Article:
Department of Molecular Medicine, The Scripps Research Institute, Jupiter, United States
    Competing interests
    The authors declare that no competing interests exist.
  10. Patrick R Griffin

    Department of Molecular Medicine, The Scripps Research Institute, Jupiter, United States
    For correspondence
    pgriffin@scripps.edu
    Competing interests
    The authors declare that no competing interests exist.
    ORCID icon "This ORCID iD identifies the author of this article:" 0000-0002-3404-690X

Funding

National Cancer Institute

  • Patrick R Griffin

National Institute of General Medical Sciences

  • Timothy S Strutzenberg

The funders had no role in study design, data collection and interpretation, or the decision to submit the work for publication.

Reviewing Editor

  1. Peter Tontonoz, University of California, Los Angeles, United States

Publication history

  1. Received: March 27, 2019
  2. Accepted: June 1, 2019
  3. Accepted Manuscript published: June 7, 2019 (version 1)
  4. Version of Record published: June 17, 2019 (version 2)
  5. Version of Record updated: October 18, 2019 (version 3)

Copyright

© 2019, Strutzenberg et al.

This article is distributed under the terms of the Creative Commons Attribution License permitting unrestricted use and redistribution provided that the original author and source are credited.

Metrics

  • 1,607
    Page views
  • 234
    Downloads
  • 6
    Citations

Article citation count generated by polling the highest count across the following sources: Crossref, PubMed Central, Scopus.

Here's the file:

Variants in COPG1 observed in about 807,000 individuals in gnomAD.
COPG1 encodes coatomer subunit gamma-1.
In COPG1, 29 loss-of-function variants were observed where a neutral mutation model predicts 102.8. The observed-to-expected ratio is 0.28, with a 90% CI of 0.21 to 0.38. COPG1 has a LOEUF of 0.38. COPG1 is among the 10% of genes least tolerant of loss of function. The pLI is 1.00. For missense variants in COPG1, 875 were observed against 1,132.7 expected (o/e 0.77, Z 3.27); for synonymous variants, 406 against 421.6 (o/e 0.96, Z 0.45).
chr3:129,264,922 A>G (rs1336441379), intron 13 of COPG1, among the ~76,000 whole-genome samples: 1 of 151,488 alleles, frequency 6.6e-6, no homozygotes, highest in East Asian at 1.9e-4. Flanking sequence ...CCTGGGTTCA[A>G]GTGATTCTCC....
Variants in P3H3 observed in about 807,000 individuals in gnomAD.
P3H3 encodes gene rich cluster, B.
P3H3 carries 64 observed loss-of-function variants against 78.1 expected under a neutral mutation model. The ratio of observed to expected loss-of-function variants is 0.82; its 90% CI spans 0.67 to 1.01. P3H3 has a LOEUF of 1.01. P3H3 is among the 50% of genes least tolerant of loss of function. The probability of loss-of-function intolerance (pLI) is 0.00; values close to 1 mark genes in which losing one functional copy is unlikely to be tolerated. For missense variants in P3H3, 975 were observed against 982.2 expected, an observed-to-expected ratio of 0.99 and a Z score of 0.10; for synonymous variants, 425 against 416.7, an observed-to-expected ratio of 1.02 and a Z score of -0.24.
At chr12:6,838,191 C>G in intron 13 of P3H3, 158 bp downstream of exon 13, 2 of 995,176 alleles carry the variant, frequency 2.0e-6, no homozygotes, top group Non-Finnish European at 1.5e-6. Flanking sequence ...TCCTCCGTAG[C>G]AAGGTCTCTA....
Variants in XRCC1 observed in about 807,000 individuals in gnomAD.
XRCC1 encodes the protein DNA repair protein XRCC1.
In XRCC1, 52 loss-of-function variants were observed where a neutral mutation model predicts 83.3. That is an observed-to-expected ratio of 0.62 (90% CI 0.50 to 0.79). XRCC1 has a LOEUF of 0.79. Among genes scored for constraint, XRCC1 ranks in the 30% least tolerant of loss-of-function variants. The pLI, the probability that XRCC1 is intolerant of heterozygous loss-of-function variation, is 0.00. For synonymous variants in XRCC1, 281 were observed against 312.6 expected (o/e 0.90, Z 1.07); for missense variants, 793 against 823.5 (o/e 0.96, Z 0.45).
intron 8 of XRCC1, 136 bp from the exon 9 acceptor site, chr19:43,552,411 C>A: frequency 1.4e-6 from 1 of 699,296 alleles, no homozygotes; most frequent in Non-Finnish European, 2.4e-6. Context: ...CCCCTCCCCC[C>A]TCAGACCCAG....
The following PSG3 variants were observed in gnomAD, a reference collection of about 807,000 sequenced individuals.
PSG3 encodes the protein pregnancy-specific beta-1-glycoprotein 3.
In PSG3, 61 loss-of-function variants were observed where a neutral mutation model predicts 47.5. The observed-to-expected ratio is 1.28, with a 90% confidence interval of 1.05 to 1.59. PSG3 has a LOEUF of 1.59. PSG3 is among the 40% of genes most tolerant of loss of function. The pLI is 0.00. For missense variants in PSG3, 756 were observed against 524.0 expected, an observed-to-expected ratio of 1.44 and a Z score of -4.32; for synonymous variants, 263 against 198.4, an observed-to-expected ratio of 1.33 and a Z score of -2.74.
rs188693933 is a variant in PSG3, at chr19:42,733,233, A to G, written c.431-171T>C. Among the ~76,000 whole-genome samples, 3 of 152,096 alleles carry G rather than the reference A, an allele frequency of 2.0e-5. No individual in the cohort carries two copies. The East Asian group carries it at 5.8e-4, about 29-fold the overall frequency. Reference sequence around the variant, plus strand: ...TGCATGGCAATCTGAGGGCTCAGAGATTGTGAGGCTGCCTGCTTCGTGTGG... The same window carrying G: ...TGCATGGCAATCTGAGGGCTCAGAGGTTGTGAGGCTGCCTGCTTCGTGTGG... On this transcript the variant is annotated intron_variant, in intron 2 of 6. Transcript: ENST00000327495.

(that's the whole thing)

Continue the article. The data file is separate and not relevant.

Download links

A two-part list of links to download the article, or parts of the article, in various formats.

Downloads (link to download the article as PDF)

Download citations (links to download the citations from this article in formats compatible with various reference manager tools)

Open citations (links to open the citations from this article in various online reference manager services)

Further reading

    1. Biochemistry and Chemical Biology
    Xavier Portillo et al.
    Research Article Updated

    An RNA polymerase ribozyme that has been the subject of extensive directed evolution efforts has attained the ability to synthesize complex functional RNAs, including a full-length copy of its own evolutionary ancestor. During the course of evolution, the catalytic core of the ribozyme has undergone a major structural rearrangement, resulting in a novel tertiary structural element that lies in close proximity to the active site. Through a combination of site-directed mutagenesis, structural probing, and deep sequencing analysis, the trajectory of evolution was seen to involve the progressive stabilization of the new structure, which provides the basis for improved catalytic activity of the ribozyme. Multiple paths to the new structure were explored by the evolving population, converging upon a common solution. Tertiary structural remodeling of RNA is known to occur in nature, as evidenced by the phylogenetic analysis of extant organisms, but this type of structural innovation had not previously been observed in an experimental setting. Despite prior speculation that the catalytic core of the ribozyme had become trapped in a narrow local fitness optimum, the evolving population has broken through to a new fitness locale, raising the possibility that further improvement of polymerase activity may be achievable.